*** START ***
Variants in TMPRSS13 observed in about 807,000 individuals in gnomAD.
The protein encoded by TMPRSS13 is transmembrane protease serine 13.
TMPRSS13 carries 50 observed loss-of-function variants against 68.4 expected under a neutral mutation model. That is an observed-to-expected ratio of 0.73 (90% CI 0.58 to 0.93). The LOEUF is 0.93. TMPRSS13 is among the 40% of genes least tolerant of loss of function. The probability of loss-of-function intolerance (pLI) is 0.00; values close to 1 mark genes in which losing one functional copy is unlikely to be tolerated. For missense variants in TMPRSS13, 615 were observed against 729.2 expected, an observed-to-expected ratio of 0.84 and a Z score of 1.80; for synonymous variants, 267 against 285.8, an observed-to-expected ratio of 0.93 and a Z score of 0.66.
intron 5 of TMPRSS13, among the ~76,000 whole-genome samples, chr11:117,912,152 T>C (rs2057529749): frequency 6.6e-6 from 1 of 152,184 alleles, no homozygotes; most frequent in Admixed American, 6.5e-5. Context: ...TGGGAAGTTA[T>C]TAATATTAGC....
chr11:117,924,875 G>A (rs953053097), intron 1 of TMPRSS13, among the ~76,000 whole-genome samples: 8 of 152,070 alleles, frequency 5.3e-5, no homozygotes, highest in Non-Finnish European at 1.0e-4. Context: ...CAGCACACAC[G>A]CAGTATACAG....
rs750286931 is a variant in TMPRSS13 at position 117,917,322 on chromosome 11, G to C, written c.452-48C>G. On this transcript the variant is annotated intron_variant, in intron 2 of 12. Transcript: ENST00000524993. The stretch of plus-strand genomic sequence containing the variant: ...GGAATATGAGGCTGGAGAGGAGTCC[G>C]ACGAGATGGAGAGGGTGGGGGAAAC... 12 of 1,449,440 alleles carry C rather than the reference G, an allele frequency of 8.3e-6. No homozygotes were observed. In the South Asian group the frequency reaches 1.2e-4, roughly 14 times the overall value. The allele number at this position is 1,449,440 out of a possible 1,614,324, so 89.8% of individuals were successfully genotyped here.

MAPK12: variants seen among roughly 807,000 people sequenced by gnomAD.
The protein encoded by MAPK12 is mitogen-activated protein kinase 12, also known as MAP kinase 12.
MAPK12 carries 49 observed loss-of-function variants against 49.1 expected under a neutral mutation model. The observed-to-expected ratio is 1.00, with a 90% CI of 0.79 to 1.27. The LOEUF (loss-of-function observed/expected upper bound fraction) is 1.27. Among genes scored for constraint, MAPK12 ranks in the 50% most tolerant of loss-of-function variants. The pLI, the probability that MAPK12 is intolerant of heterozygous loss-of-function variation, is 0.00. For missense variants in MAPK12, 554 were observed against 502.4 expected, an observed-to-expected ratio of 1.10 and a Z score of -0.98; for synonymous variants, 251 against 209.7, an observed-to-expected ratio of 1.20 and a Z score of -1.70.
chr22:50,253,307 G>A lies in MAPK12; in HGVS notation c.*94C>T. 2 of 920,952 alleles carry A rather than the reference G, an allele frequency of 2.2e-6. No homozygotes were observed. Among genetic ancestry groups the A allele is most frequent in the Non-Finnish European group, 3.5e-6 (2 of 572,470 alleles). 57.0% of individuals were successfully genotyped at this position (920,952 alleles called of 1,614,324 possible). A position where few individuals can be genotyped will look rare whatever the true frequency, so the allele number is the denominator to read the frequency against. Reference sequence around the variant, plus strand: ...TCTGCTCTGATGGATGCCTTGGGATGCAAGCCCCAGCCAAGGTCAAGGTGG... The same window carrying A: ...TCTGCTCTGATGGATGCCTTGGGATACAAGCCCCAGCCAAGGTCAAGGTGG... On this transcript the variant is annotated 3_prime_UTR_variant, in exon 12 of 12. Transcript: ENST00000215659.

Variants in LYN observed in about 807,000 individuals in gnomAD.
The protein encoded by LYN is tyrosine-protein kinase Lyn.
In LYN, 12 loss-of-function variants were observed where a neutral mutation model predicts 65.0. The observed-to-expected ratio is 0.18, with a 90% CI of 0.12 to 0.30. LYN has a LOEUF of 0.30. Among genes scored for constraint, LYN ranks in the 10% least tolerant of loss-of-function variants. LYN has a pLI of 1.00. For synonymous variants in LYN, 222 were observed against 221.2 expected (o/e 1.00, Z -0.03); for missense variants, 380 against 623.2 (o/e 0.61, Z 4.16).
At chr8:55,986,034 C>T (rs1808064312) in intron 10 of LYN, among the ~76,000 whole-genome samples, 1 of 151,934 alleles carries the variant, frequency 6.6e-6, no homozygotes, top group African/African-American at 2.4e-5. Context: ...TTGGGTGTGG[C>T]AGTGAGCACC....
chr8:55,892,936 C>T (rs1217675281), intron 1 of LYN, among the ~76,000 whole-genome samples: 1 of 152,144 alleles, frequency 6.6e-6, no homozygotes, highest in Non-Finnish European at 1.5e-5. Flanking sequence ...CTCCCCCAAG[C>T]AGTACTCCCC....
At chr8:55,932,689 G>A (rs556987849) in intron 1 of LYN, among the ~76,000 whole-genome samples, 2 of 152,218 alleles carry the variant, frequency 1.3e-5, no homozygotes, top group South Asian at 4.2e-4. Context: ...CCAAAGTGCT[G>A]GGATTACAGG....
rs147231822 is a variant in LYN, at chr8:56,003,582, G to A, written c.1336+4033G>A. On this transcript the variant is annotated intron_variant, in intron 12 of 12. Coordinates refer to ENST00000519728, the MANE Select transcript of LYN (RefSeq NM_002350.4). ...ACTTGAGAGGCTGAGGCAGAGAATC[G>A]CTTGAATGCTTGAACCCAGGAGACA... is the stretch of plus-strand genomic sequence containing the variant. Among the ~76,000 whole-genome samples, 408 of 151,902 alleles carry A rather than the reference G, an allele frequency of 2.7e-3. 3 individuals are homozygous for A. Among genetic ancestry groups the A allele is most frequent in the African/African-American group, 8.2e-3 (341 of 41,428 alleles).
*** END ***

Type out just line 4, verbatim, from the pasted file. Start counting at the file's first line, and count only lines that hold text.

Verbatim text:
intron 5 of TMPRSS13, among the ~76,000 whole-genome samples, chr11:117,912,152 T>C (rs2057529749): frequency 6.6e-6 from 1 of 152,184 alleles, no homozygotes; most frequent in Admixed American, 6.5e-5. Context: ...TGGGAAGTTA[T>C]TAATATTAGC....